When two aging women discover a magic potion for eternal youth, love instantly becomes an afterthought. The elixir of youth, of course, comes with a price tag. For an hour and a half, Madeline (Meryl Streep) and Helen (Goldie Hawn) are fighting for the love of a tired plastic surgeon—Helen’s ex-fiance Ernest, who Madeline had treacherously stolen from her. In fact, this fight is not about love, as they’re only fueled by hatred—towards each other. 


But finally, when they’re ready to get over Ernest, they realize they’re very much in need of him—quite likely, more than ever. And then a little obstacle comes up. The iconic duo of divas painting each other’s dead flaking bodies and giggling at the funeral will likely make you feel like Galentine’s Day is actually not that dumb of an idea. They say, self-care and self-love will get you a long way, so maybe try the anti-wrinkle lotion instead of sobbing in the dark. Besides, our paragon of wellness Goop shut down their UK branch a couple weeks ago, so better watch this movie closely, in case your turn to take the magic potion comes as well. 

MEET JOE BLACK  (Martin Brest, 1998)

Well, even Death got tired of work and came to Earth in search of love and feelings. In this movie, Death, who takes the form of a young man killed in an accident, asks a media mogul to act as his guide to teach him about earthly life. One of the best romantic films ever aka the movie most therapists would not approve of, this is a fantasy, in which a woman falls in love with Death—cold and emotionally unavailable. This preamble though is somewhat more promising that the situationship you still can’t leave behind, as even Death eventually starts to defrost.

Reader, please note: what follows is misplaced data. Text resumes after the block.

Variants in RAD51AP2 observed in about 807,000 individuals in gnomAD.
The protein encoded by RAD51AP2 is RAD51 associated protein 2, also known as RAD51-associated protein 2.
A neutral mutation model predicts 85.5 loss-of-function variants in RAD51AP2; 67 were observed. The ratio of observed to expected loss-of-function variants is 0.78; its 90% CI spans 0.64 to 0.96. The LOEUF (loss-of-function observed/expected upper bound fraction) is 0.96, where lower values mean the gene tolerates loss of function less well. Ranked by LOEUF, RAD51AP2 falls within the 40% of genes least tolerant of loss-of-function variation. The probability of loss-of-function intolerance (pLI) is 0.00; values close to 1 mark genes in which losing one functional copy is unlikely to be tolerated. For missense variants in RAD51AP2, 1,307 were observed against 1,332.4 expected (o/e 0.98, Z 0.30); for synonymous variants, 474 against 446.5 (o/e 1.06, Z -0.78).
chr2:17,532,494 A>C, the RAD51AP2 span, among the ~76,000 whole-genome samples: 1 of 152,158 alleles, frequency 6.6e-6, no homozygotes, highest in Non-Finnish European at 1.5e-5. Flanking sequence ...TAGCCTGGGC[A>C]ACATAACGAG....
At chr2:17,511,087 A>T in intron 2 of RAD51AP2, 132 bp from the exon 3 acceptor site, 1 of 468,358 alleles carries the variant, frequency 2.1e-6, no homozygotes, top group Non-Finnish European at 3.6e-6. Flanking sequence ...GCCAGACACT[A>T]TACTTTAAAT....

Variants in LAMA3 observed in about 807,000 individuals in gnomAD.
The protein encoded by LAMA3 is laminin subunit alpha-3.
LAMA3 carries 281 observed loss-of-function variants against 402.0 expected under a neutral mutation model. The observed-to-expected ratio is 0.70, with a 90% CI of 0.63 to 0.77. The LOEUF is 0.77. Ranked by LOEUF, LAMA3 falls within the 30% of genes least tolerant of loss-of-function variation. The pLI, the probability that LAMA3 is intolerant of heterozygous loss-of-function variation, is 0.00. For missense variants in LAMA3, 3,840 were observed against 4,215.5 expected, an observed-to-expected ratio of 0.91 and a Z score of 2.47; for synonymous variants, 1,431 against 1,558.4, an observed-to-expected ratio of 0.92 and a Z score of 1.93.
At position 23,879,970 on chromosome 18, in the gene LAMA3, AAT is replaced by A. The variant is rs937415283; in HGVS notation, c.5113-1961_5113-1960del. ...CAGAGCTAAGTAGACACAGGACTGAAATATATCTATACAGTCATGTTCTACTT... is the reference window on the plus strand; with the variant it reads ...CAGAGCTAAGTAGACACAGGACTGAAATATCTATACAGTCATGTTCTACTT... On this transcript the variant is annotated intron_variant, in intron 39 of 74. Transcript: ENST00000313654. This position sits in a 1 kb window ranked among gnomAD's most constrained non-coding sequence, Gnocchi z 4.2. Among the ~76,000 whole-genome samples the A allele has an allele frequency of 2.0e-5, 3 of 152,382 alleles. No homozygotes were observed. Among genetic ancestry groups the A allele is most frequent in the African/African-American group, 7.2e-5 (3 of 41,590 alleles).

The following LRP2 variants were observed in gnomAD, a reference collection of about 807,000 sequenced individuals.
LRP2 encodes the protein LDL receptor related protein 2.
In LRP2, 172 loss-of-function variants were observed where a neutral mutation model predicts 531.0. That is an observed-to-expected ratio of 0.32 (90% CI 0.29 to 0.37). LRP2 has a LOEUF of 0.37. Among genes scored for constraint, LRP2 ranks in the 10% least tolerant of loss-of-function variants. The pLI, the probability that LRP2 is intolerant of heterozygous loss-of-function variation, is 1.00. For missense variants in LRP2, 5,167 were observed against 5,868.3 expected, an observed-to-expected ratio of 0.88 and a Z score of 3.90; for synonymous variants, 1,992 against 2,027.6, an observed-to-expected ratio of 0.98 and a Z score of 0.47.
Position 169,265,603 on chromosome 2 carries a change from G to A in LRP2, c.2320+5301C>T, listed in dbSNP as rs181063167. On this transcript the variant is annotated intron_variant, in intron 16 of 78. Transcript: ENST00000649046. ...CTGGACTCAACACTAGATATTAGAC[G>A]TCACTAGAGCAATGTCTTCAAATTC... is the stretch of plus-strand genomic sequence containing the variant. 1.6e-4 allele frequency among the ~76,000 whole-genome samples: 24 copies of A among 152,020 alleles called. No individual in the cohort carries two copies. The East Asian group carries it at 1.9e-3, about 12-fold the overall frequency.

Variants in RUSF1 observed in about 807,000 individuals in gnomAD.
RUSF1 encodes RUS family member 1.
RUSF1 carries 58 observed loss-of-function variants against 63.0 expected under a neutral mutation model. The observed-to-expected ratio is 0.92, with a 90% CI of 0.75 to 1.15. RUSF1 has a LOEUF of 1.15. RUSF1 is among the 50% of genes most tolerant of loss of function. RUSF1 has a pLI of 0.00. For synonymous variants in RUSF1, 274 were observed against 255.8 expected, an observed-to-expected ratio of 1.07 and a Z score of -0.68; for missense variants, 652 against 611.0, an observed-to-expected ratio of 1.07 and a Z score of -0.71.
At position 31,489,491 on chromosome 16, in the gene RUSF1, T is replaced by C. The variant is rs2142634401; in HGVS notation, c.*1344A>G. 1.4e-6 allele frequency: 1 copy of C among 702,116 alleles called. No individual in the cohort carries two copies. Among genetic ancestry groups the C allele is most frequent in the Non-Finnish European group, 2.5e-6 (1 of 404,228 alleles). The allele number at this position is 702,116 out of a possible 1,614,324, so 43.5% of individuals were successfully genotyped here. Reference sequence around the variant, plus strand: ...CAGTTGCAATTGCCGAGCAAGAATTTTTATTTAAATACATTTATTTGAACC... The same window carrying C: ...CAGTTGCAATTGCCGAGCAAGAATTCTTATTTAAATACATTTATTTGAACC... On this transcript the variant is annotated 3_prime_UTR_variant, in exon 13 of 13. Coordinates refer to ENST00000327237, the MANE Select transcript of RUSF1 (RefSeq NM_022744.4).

Ironically, despite all that, this is the movie that makes us believe in true love and not settle for less—largely the merit of the brilliant helicopter scene starring Anthony Hopkins and Claire Forlani. We never find out if Forlani’s character is still that much in love with Death when he’s back to his sweet, human self, though hopefully, she is. Regardless, after watching this movie, you might very well enjoy your solitude and finally feel relieved about that bland romance of yours that never happened. 

THE COOK, THE THIEF, HIS WIFE & HER LOVER  (Peter Greenaway, 1989) 

Set in a gourmet restaurant Le Hollandais, this movie is a lot to swallow—both for its characters and viewers. The film builds on the darkest sides of love like jealousy, possessiveness, rage, and revenge. The wife of a greedy crime boss Georgina engages in a secretive romance with a gentle bookseller between meals at her husband’s restaurant. And, as it should be, only the cook knows what is cooking. The movie’s full of lust and gluttony—the deadly sins, for which the characters are bound to atone.

As a director, Greenaway’s a huge apologist for the power of visuals over the fable, and with its deep, scarlet hues—a nice contrast with the city turned sugary pink—the movie is a feast for eyes as well. The costumes from Jean-Paul Gaultier add to the opulence and emphasize how much Georgina is restrained—both by her tight bodysuits and the abuse. All in all, this brutal love crime drama is an overwhelming spectacle of violence, but good thing—we’re already quite numb.

Ilona Shcherbakova

Ilona Shcherbakova is a NYC-based writer who strives to make the arts more engaging and digestible. She specializes in film, internet culture, and ballet.